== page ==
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How Did the Constitution Guard Against Tyranny?

By: Carter Rohal

Carter Rohal

on 7 November 2012

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Transcript of How Did the Constitution Guard Against Tyranny?

Tyranny Federalism Federalism guarded against tyranny by first dividing between two distinct governments. The portion allotted to each subdivided among distinct and separate departments. A double security arises to the rights of the people. Federalism gave powers to the central government. They gave powers to the states, and they shared powers together. There is no single ruler with absolute power. We all have to work together. Separation of Powers Legislative, executive, and judiciary are the three great departments of power. Liberty requires that they be separate and distinct. Each power has their own rules, running style, and different types of powers. Big States vs. Small States Representatives for the House will be given to the states according to their population. Each state will get the one representative for every certain amount of people in their state. The greater the population the more representatives that state gets.
The senate is composed of two senators from each state chosen by the legislatures. Each senator gets one vote so its fair and equal. Even though big states and small states both get two senators, it is still fair because each state will get equal representation. Checks and Balances The constant aim is to divide and arrange the several offices so they are a check on each other. The three branches should not be so far separated as to have no constitutional control over each other. They should all work together and have their own special jobs. They support each other and our government needs each and every branch to run the government sufficiently. Resolution Constitution How Did the Constitution Guard Against Tyranny? By: Carter Rohal vs. Sources: ~ Document A: Federalism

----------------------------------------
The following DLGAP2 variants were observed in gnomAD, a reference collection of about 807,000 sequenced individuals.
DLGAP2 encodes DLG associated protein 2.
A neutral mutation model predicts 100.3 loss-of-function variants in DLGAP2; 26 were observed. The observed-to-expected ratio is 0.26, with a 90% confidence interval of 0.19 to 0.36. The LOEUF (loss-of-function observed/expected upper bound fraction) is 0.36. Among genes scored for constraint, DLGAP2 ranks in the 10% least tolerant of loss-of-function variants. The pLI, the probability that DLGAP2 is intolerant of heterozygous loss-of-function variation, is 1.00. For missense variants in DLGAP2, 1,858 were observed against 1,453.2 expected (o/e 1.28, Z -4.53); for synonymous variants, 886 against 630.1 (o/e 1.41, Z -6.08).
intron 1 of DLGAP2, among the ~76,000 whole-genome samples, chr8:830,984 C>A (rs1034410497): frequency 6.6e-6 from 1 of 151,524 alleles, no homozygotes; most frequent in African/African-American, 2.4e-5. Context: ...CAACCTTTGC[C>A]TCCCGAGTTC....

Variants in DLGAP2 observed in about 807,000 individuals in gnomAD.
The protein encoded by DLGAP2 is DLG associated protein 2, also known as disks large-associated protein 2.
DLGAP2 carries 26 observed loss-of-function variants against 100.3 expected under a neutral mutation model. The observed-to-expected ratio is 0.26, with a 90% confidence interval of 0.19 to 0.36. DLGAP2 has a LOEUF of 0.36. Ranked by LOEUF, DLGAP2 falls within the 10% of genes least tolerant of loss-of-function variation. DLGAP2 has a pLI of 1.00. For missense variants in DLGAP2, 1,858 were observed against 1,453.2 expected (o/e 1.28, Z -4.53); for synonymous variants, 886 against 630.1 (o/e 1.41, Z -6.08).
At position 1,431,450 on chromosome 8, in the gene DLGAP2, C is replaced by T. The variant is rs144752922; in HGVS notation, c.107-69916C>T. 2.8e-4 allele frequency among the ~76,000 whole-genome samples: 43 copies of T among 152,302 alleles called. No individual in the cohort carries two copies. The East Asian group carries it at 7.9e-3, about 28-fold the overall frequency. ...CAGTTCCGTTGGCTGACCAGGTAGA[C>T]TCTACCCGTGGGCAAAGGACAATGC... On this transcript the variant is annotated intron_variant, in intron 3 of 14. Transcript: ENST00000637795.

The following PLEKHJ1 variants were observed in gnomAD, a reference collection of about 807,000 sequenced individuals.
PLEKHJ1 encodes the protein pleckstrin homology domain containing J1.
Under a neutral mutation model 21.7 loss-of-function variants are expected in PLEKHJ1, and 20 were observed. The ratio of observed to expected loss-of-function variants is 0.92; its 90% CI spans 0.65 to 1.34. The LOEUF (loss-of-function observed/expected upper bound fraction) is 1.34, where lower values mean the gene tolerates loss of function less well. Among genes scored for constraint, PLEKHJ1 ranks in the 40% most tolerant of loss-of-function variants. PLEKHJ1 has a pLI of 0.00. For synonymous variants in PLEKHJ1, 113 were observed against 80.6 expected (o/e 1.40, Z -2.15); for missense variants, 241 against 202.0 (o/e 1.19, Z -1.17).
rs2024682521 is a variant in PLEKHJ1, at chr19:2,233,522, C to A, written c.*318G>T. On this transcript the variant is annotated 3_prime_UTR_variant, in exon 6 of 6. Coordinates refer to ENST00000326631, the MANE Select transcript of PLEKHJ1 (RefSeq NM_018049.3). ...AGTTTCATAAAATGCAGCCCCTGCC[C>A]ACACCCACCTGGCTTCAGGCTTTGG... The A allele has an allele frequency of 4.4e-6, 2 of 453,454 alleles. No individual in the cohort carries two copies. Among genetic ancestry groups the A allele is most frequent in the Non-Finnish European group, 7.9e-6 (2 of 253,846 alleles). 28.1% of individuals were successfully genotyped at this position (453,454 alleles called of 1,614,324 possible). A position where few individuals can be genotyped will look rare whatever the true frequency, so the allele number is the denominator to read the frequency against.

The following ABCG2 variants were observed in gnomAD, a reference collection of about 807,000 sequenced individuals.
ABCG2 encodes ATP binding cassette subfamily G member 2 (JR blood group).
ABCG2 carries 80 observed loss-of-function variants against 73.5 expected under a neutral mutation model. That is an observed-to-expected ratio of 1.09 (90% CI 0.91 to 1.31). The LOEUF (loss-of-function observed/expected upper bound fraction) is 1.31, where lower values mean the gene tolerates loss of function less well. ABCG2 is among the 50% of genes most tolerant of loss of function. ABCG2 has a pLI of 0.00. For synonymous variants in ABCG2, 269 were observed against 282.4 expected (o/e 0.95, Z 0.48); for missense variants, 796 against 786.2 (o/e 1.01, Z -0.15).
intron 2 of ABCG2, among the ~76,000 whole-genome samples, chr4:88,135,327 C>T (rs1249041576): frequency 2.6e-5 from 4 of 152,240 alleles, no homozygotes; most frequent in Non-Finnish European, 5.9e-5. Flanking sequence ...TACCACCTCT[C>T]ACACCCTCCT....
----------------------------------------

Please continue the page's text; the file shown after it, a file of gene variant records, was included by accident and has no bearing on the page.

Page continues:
~ Document B: Separation of Powers
~ Document C: Checks and Balances
~ Document D: Big States vs. Small States Powers Given to the
Central Government Powers Shared Powers Given
to the States Regulate Trade
Conduct foreign relations
Provide an army and navy
Declare War
Print and coin Money
Set up post offices
Make immigration laws Document A Document B The Constitution provides three branches that protects any individual branch from being to powerful. It's a basic concept of checks and balances.

Example: No one supreme ruler can take all power for themselves. Document C Document D
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